To 713 g (5.8% moisture content) of hammermilled corncob loaded into a 5 L reactor, 138.9 g of NH4OH solution (29 wt % NH3) and 491.1 g additional water were added to give a 50% solids loading. The reactor was heated to 140° C. for 20 min at temperature. The NH3 was then flashed off while the reactor cooled and was then further removed by vacuum. The contents of the reactor were removed and used for saccharification.
 Untreated (8.4% moisture content) hammermilled corn cob was used as a control for this saccharification study.
 Glucan and xylan contents were determined by using the NREL procedure (see Example 1). Analysis of hydrolyzed sugars was done by HPLC (using the method described above with the exception that the column temp was 65° C. instead of 60° C.). Saccharification of this material was done in a 1 L glass Erlenmeyer flask (Chemglass, Vineland, N.J.) on a rotary shaker set to 200 rpm and 48° C. In the comparative saccharifications, 75 mmol sodium citrate buffer at average pH of 5.4-5.6 was used to control the pH. In addition, 5 ppm each of penicillin and virginiamycin antibiotics were added to inhibit bacterial growth and 0.5% PEG 2000 (wt % of solids) was added to decrease enzyme adsorption to lignin. The solids were loaded based on their carbohydrate content, which was 18.3 wt % carbohydrate ((glucan+xylan)/(glucan+xylan+mass of liquid added to biomass)). This corresponded to a solids loading of 20.8%, 25.2% and 25.6% for the organic solvent solution, dilute ammonia and untreated material, respectively. The enzymes used were described in Example 1. The protein weight ratio of Spezyme:Novozyme 188 was 4:1 and the loading of total Spezyme/Novozyme 188 protein was 37.5, 25 and 10 mg protein/g of glucan for the high, medium and low enzyme loadings, respectively. Multifect was loaded at 15, 10 and 4 mg/g of xylan for the high, medium and low enzyme loadings, respectively. The buffer, additional water, enzymes, surfactant and antibiotics were mixed together in a 1 L flask and then the first 60% of the solids were added. The flasks were heated and shaken. After 1 h, the next 20% of solids was added to each flask. The final 20% of solids was added 3 h later. The reactions continued to mix at temperature for a total of 96 h after which point they were removed. A representative sample of each was transferred to a centrifuge vessel, spun in the centrifuge and the liquid fraction was decanted. The solid was resuspended in water, recentrifuged and the liquid separated was again decanted. This was repeated four additional times. The liquid was analyzed for monomer content using the HPLC. The oligomer content was determined by hydrolyzing for 1 h at 121° C. a portion of this wash fraction with sulfuric acid (4% w/v), reanalyzing on the HPLC and the difference with the monomer content was considered to be derived from the oligomers. The monomer and oligomer content produced by enzymatic saccharification is reported as a yield of the initial amount of glucan and/or xylan in the initial solids in the flasks. Results of these experiments are shown in Table 11 below.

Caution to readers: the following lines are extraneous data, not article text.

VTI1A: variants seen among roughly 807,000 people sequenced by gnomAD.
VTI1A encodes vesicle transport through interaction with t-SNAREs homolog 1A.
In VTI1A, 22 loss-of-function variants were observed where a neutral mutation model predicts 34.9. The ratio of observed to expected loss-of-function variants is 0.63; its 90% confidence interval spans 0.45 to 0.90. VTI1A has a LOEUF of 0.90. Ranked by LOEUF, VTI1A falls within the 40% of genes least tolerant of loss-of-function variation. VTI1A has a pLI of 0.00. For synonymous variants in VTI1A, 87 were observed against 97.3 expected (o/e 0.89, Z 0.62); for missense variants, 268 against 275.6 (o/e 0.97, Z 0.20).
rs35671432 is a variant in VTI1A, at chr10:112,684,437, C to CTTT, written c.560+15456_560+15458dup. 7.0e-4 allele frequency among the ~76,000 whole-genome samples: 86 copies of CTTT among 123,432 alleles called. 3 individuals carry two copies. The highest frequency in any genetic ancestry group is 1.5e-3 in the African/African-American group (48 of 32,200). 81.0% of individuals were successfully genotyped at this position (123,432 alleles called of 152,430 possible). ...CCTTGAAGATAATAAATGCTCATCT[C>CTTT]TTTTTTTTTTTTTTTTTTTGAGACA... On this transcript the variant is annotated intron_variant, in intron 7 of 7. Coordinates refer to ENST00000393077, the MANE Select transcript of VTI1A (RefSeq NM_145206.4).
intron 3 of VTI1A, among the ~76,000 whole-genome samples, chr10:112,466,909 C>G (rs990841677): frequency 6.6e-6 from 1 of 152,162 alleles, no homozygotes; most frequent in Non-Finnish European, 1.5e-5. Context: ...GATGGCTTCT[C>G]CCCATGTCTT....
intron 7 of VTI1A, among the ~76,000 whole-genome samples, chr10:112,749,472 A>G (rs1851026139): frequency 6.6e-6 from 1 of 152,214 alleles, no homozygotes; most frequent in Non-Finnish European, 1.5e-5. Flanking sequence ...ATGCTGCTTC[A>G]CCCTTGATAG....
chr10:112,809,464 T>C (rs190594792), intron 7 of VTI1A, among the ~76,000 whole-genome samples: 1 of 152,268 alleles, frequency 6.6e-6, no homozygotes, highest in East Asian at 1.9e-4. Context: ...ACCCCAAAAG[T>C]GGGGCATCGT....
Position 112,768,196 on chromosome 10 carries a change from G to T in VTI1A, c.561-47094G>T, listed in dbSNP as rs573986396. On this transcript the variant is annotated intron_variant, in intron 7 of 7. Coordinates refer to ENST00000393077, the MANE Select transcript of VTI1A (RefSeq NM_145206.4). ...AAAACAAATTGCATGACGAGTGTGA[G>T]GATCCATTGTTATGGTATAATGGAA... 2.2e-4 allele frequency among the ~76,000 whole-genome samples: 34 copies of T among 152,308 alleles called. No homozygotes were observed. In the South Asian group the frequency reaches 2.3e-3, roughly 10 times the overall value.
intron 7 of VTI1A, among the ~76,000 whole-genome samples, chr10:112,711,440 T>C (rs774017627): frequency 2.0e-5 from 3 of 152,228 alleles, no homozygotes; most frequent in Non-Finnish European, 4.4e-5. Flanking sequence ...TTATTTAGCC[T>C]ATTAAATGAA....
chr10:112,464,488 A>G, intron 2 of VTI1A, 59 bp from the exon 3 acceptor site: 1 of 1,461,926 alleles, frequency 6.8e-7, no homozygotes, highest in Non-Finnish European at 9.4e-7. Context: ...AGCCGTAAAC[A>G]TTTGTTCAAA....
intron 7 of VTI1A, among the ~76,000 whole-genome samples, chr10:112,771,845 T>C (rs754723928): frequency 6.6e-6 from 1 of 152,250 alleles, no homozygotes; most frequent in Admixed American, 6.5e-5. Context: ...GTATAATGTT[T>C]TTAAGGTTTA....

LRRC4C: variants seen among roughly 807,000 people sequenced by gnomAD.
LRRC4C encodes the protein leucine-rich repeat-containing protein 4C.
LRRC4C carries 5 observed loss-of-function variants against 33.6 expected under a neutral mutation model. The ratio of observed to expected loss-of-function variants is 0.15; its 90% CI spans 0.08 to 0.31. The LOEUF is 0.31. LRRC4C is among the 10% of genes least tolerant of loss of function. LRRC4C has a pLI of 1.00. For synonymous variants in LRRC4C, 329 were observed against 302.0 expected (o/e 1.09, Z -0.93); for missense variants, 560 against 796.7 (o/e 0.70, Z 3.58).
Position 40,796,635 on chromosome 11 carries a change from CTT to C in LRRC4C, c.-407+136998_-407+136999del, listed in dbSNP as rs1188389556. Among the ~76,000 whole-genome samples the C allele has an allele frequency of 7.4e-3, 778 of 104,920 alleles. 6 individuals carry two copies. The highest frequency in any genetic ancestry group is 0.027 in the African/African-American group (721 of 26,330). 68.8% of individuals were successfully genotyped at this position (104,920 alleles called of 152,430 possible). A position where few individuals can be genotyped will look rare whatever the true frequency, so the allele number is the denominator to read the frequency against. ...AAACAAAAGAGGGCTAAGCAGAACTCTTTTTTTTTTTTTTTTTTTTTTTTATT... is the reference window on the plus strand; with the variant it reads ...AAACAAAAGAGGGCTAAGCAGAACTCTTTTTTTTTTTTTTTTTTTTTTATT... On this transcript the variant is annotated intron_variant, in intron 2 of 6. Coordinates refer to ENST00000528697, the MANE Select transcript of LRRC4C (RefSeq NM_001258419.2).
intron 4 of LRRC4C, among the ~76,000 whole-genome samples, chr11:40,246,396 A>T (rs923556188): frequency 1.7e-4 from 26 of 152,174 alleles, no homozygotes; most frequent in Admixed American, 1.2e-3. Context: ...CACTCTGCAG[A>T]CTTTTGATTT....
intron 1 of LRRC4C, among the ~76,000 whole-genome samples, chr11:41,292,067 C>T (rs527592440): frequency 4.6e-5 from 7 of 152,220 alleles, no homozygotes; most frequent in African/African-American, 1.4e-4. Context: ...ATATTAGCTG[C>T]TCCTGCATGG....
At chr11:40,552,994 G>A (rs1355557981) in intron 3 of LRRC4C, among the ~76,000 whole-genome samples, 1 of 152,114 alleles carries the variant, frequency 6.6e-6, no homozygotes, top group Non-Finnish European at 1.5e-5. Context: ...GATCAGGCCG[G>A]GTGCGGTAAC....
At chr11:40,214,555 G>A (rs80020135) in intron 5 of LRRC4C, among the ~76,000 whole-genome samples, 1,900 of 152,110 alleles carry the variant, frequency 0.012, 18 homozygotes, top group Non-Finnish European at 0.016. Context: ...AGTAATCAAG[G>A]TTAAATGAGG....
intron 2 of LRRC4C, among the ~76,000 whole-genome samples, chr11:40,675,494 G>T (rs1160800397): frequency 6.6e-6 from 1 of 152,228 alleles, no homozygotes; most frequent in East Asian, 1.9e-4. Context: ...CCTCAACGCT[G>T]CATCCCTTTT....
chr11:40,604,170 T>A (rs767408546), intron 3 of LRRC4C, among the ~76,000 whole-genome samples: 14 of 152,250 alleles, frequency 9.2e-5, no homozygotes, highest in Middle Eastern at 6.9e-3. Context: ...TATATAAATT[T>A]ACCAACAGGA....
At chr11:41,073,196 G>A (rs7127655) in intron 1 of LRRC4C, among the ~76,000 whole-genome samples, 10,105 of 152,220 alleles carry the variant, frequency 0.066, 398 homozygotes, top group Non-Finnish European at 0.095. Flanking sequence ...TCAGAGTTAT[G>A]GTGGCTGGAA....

TABLE-US-00016 TABLE 11 Sugar yield from various types of pretreatments as described in Example 13 % glucose % xylose % glucose + % % % glucan % xylan yield from yield from Xylose glucose xylose converted converted sacch sacch yield from Enzyme yield yield to glucose to xylose (mono + (mono + sacch Pretreatment Loading (mono) (mono ) oligomers oligomers oligo) oligo) (mono + oligo) EtOH/MA/S8 High 80% 62% 13% 39% 95% 102% 98% Dilute NH3 High 60% 42% 9% 38% 71% 80% 75% Untreated High 24% 17% 3% 4% 25% 20% 23% EtOH/MA/S8 Medium 72% 55% 10% 42% 84% 97% 90% Dilute NH3 Medium 51% 36% 8% 38% 60% 74% 66% Untreated Medium 24% 17% 3% 4% 26% 20% 23% EtOH/MA/S8 Low 45% 39% 5% 54% 52% 94% 70% Dilute NH3 Low 35% 25% 7% 42% 43% 68% 54% Untreated Low 19% 14% 2% 2% 21% 16% 19%
 This comparative study demonstrates the efficacy of the organic solvent solution/methylamine/sulfur pretreatment in enhancing the saccharification of pretreated corn cob relative to the dilute ammonia process and to no pretreatment at solids loadings (20.8% w/w for organic solvent solution) in the saccharifier, considerably higher than in the earlier examples (14% w/w). The enzymatic conversion to monomer plus oligomer following the organic solvent solution pretreatment is nearly quantitative at the high enzyme loading. Under all enzyme loadings, the organic solvent solution pretreatment gives the highest conversion to monomer glucose and xylose and to monomer plus oligomer glucose and xylose.